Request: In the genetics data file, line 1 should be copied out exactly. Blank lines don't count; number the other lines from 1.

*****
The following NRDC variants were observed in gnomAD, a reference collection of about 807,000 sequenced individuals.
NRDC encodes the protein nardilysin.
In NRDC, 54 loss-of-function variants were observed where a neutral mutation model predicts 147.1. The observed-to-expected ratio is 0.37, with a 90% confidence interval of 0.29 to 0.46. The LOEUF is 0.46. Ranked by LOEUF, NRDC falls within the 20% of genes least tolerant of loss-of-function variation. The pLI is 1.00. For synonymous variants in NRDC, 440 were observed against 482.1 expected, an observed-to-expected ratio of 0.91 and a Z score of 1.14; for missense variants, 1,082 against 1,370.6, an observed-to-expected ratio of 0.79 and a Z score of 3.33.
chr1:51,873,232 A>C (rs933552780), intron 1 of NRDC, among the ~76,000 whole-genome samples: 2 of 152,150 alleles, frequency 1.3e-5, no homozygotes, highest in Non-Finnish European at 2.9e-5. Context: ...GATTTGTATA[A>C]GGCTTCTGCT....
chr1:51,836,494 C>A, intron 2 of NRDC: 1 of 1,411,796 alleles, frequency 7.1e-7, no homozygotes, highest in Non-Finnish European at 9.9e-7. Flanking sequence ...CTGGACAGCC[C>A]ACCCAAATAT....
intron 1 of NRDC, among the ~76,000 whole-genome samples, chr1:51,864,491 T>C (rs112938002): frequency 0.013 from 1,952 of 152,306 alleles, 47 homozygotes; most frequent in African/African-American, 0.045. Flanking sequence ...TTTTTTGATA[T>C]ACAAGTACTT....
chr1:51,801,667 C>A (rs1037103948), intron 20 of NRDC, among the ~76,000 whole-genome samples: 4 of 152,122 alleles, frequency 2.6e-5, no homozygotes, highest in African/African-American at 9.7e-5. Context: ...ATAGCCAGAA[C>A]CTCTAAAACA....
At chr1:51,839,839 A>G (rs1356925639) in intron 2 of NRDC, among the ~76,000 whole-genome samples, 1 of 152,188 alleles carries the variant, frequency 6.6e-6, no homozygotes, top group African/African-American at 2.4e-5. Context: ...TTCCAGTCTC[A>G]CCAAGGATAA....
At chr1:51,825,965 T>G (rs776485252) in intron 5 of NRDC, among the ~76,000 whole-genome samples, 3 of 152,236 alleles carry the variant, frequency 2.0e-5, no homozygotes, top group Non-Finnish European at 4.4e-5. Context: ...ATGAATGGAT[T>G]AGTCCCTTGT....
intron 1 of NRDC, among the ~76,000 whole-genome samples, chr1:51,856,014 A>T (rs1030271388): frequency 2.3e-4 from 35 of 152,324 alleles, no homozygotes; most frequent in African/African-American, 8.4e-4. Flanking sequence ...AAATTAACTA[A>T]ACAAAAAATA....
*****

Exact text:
The following NRDC variants were observed in gnomAD, a reference collection of about 807,000 sequenced individuals.